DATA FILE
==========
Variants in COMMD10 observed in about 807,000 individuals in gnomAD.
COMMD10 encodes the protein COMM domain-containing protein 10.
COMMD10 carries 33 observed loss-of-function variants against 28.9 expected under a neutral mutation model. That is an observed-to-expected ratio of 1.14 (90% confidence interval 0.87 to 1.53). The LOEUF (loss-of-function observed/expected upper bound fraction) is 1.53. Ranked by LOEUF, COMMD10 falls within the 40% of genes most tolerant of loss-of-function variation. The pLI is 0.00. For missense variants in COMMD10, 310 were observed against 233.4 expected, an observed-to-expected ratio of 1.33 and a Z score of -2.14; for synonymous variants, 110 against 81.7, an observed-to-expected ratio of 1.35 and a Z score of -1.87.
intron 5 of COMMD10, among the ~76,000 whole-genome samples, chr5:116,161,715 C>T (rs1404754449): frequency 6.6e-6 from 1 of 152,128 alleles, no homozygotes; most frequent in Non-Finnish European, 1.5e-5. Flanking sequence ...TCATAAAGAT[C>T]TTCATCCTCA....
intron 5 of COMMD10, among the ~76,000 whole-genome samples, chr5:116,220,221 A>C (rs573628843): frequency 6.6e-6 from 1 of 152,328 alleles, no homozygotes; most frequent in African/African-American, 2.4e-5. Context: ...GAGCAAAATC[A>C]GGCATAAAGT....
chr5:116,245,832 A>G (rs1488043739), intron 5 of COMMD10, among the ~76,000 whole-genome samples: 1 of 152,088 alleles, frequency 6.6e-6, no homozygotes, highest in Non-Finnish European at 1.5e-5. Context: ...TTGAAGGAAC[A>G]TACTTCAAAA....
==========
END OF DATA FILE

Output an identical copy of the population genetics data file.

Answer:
Variants in COMMD10 observed in about 807,000 individuals in gnomAD.
COMMD10 encodes the protein COMM domain-containing protein 10.
COMMD10 carries 33 observed loss-of-function variants against 28.9 expected under a neutral mutation model. That is an observed-to-expected ratio of 1.14 (90% confidence interval 0.87 to 1.53). The LOEUF (loss-of-function observed/expected upper bound fraction) is 1.53. Ranked by LOEUF, COMMD10 falls within the 40% of genes most tolerant of loss-of-function variation. The pLI is 0.00. For missense variants in COMMD10, 310 were observed against 233.4 expected, an observed-to-expected ratio of 1.33 and a Z score of -2.14; for synonymous variants, 110 against 81.7, an observed-to-expected ratio of 1.35 and a Z score of -1.87.
intron 5 of COMMD10, among the ~76,000 whole-genome samples, chr5:116,161,715 C>T (rs1404754449): frequency 6.6e-6 from 1 of 152,128 alleles, no homozygotes; most frequent in Non-Finnish European, 1.5e-5. Flanking sequence ...TCATAAAGAT[C>T]TTCATCCTCA....
intron 5 of COMMD10, among the ~76,000 whole-genome samples, chr5:116,220,221 A>C (rs573628843): frequency 6.6e-6 from 1 of 152,328 alleles, no homozygotes; most frequent in African/African-American, 2.4e-5. Context: ...GAGCAAAATC[A>C]GGCATAAAGT....
chr5:116,245,832 A>G (rs1488043739), intron 5 of COMMD10, among the ~76,000 whole-genome samples: 1 of 152,088 alleles, frequency 6.6e-6, no homozygotes, highest in Non-Finnish European at 1.5e-5. Context: ...TTGAAGGAAC[A>G]TACTTCAAAA....